There is a general fear that Millennials will abandon or even negatively impact philanthropy. That charity work and giving back are things only our parents and grandparents do; however, I would argue that my generation is going to transform philanthropy and the ways real impact is achieved. For me, this mission to impact and transform social impact is part of my every day, in and out of business school.
I grew up in a big family with five siblings and was fortunate to have two loving parents who I watched consistently go above and beyond for others. My father was a Greek Orthodox priest, caring for thousands, and my late mother, as a nurse, constantly helped others get through difficult situations. My parents instilled a love for people and moved me to take action whenever a need presented itself.
At 16 years old, with the support of my family and friends, I launched an environmental education nonprofit organization in my hometown of Boca Raton, FL, now called Marine Education Initiative. Running this organization with thousands of children showed me the power of philanthropy and the impact that anyone, no matter the age, socioeconomic status, gender, or race, can have when bringing people together around an issue/cause.
As I looked for universities to help me foster this social entrepreneurial passion, I came across the perfect fit at Duke University. The institution has an amazing mixture of school spirit, academic rigor, camaraderie, and countless professional growth opportunities. I did not hesitate in choosing Duke for undergrad and studied public policy as part of the Class of 2015. While a sophomore at Duke, through an independent DukeEngage project, I created a nonprofit in Nassau, Bahamas, called Lend a Hand Bahamas.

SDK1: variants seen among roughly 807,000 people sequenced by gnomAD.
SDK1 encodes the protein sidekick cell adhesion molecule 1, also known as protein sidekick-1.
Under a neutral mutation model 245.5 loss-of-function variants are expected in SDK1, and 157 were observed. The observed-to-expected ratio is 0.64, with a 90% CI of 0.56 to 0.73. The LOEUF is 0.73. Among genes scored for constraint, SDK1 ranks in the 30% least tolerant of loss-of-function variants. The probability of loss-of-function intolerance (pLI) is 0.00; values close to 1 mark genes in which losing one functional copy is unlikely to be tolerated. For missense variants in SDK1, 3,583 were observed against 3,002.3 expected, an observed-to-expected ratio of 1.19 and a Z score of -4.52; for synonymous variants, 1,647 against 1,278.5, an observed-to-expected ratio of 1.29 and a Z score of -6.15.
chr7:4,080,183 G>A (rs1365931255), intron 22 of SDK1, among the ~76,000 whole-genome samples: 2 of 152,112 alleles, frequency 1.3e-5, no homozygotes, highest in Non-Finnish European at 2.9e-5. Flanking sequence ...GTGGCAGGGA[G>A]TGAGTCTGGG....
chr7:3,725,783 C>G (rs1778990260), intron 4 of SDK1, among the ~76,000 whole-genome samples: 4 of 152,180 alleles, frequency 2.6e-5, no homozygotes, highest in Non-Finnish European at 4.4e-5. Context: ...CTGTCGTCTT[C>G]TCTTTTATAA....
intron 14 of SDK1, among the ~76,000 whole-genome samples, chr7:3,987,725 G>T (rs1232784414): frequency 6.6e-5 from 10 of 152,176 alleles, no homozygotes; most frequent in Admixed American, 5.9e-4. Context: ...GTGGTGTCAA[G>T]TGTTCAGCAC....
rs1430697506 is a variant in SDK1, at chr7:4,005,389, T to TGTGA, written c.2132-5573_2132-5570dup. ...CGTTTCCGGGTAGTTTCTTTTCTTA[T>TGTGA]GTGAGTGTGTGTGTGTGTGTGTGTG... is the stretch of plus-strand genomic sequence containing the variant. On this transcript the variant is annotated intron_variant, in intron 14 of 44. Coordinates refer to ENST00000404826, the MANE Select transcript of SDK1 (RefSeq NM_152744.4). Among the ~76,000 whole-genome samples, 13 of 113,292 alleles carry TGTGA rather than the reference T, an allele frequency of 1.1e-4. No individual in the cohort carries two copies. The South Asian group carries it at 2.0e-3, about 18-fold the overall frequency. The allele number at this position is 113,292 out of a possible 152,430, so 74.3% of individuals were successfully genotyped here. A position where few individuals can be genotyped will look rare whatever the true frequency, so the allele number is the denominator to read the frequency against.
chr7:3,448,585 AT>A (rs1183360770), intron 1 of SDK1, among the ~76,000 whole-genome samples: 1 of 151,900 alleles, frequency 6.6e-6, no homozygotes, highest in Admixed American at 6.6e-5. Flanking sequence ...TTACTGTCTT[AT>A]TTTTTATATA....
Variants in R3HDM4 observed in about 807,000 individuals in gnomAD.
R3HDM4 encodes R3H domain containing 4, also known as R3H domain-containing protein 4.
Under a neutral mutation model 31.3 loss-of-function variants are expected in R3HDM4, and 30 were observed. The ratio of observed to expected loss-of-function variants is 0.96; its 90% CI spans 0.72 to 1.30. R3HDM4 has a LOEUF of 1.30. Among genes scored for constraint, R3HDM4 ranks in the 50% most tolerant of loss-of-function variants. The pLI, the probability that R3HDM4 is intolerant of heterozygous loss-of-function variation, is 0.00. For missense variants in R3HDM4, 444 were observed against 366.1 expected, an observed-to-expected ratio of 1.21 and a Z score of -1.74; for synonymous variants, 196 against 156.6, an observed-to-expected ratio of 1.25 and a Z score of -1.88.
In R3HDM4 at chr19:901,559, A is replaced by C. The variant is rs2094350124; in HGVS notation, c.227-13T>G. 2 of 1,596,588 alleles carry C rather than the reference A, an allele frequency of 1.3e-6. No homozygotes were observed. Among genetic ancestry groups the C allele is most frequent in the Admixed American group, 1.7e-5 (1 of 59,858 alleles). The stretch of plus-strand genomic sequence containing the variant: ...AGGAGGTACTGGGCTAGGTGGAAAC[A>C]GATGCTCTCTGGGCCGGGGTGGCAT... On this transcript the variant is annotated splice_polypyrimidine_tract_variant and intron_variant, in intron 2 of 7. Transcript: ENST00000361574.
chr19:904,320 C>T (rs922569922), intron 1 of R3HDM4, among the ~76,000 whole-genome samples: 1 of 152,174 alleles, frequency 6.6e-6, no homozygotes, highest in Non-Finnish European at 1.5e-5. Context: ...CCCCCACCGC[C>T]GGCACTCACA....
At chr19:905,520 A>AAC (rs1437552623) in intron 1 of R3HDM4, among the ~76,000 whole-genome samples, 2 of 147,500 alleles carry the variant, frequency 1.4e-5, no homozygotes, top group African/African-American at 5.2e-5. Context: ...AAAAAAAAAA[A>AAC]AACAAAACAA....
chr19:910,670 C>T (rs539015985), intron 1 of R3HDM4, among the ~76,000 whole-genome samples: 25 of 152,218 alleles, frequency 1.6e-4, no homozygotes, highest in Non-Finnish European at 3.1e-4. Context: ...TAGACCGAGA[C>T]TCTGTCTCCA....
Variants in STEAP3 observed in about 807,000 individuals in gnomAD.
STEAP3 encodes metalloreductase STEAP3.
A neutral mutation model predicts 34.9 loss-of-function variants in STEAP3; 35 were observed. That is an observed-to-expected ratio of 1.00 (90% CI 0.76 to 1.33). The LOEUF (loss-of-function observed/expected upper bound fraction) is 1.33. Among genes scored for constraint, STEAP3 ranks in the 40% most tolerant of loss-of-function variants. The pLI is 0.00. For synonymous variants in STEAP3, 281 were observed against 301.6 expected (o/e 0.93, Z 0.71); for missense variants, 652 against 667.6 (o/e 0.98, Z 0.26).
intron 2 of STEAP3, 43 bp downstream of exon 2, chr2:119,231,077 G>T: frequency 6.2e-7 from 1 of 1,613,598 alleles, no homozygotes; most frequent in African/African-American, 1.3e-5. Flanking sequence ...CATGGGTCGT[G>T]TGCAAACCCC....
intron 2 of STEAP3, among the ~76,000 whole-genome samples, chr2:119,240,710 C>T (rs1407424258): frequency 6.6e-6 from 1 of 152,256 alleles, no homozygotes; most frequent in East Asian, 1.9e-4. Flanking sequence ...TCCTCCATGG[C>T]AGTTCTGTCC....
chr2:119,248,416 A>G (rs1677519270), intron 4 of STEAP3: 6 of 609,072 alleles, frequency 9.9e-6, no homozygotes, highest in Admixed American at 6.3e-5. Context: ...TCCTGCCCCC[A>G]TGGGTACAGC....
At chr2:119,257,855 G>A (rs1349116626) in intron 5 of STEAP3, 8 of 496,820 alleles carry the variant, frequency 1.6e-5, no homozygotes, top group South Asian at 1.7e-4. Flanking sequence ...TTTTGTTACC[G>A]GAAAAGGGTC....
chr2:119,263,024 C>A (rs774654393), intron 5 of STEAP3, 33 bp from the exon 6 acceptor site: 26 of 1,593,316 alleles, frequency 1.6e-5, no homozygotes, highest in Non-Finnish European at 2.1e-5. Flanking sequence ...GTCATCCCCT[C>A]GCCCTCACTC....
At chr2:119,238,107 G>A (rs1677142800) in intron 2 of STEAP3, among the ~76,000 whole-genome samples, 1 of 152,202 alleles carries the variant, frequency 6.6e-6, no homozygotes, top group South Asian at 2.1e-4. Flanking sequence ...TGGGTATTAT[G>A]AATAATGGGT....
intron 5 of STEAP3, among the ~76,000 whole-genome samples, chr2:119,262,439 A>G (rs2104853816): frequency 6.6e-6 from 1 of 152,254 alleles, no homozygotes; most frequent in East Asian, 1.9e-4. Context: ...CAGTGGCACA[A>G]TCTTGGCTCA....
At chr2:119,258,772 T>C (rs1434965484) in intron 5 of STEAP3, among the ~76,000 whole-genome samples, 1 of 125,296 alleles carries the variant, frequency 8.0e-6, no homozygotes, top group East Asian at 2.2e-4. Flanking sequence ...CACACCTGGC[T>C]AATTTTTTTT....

After graduating from Duke, I was confronted with the real world but had this burning passion for combining my enthusiasm for community service with a career path. Thus, I began working in development and assisting schools and nonprofits with fundraising to further their missions.
After raising millions of dollars for a wide array of causes in the United States and the Caribbean, I realized I had a burning desire to do more with my fundraising skills and experience. I wanted to hone my finance and strategy skills to leverage opportunities for a more significant impact in marginalized communities. Thus, I set out on a mission to choose a business school that would fit who I was and where I wanted to go.
Naturally, Duke came up first on my list as a school that supported and helped create who I am today. At first, I fought returning to the same institution, but I realized that looking elsewhere did not make sense over time. I was a Blue Devil for life. The Fuqua School of Business had everything I needed, from a social entrepreneurial concentration to world-renowned faculty to a diverse and close-knit student body.
Now nine years since my DukeEngage project in undergrad, I have watched the nonprofit I started in the Bahamas grow and impact tens of thousands of lives. The organization supports hundreds of youth in educational efforts, has fed more than 50,000 people weekly since March 2020, aided hundreds of Hurricane Dorian evacuees, and is now building a second, much larger community center in downtown Nassau. The new center will include a STEM lab, reading room, and a culinary training kitchen.
When I was accepted to Fuqua, I was nervous that I would abandon who I was. I thought, how could philanthropy and business be combined? However, I quickly realized that our professors and peers are here to support your passions and help you grow.
Fuqua is not just a business school. It is a family that is there for you and expects that you will graduate and make our world a better place in the best way that you can.